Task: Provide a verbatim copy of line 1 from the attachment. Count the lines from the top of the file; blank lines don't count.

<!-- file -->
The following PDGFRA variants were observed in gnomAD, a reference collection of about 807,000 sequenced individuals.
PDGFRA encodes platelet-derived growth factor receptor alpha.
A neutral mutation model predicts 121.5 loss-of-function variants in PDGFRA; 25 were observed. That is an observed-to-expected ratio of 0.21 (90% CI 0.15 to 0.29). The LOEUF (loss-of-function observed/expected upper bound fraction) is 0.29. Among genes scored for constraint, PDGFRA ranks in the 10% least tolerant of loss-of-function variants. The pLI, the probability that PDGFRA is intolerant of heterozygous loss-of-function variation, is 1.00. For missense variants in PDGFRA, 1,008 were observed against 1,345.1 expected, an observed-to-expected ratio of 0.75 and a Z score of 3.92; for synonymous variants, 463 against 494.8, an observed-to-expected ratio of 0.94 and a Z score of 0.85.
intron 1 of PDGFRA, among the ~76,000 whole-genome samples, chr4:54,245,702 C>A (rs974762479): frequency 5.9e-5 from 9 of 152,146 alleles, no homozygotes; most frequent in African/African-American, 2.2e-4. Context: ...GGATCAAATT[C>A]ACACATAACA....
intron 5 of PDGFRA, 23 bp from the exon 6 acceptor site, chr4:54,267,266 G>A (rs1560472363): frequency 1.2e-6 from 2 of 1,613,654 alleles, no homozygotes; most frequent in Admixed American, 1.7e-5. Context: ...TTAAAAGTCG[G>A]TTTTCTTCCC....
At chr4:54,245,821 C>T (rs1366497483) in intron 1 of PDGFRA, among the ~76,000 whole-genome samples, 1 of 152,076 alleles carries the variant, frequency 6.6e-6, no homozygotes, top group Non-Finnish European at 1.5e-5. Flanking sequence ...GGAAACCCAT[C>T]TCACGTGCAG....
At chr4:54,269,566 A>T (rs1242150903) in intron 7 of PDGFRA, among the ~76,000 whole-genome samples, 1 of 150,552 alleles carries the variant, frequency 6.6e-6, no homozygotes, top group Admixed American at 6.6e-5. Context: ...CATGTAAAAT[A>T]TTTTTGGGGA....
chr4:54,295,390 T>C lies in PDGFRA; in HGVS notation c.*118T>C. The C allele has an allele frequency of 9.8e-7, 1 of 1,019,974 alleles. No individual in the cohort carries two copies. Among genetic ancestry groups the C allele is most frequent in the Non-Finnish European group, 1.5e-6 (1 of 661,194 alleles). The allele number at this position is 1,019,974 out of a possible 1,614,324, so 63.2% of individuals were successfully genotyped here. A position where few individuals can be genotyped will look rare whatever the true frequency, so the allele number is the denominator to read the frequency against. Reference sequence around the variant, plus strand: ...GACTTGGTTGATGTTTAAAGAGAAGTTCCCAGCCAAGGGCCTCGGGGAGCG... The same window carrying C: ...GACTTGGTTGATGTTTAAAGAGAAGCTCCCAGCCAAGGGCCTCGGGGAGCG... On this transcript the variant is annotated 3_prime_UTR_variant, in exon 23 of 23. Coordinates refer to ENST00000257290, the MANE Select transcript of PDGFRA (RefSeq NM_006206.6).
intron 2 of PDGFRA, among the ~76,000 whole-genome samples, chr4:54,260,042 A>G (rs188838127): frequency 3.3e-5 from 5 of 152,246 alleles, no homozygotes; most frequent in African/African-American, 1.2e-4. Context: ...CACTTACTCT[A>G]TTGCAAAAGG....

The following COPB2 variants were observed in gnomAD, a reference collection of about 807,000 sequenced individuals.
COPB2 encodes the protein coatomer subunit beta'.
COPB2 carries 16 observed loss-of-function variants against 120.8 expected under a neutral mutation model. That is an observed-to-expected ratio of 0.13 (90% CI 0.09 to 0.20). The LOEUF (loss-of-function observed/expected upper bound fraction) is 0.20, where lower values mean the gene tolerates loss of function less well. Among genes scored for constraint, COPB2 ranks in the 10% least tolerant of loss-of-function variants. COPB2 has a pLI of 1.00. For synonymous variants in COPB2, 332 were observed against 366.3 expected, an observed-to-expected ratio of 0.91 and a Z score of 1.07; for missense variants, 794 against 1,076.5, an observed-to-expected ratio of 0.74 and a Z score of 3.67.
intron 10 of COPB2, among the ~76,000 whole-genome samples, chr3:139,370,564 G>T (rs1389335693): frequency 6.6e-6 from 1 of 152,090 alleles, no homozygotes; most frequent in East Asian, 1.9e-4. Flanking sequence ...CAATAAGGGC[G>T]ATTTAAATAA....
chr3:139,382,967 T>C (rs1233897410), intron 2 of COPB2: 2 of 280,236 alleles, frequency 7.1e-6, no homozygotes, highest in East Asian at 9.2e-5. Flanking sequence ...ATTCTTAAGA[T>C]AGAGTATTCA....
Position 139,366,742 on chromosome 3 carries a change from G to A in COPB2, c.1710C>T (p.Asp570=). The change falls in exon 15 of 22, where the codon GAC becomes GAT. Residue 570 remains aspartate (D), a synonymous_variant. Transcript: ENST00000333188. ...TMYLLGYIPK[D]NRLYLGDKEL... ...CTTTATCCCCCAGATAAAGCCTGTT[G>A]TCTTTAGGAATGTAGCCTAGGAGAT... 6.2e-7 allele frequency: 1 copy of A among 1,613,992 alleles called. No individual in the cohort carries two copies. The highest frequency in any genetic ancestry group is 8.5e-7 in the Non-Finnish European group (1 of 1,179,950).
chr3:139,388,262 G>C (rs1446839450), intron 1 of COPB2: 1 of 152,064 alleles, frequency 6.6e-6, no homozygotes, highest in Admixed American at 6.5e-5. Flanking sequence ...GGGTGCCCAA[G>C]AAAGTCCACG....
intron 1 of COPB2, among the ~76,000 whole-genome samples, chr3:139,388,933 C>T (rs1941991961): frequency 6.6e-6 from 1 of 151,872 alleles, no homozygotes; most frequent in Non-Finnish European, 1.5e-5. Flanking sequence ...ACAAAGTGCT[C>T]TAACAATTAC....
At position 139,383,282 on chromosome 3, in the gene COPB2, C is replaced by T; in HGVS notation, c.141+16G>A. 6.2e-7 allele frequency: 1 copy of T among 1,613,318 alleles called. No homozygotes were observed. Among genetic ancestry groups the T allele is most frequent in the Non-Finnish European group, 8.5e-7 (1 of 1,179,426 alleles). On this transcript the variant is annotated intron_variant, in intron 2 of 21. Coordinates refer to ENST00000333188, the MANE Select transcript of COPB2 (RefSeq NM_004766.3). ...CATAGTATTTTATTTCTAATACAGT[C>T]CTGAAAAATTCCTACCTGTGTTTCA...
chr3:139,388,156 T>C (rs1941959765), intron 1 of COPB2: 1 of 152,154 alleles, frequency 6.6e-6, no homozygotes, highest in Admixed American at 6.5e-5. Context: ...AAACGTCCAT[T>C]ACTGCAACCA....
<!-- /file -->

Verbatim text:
The following PDGFRA variants were observed in gnomAD, a reference collection of about 807,000 sequenced individuals.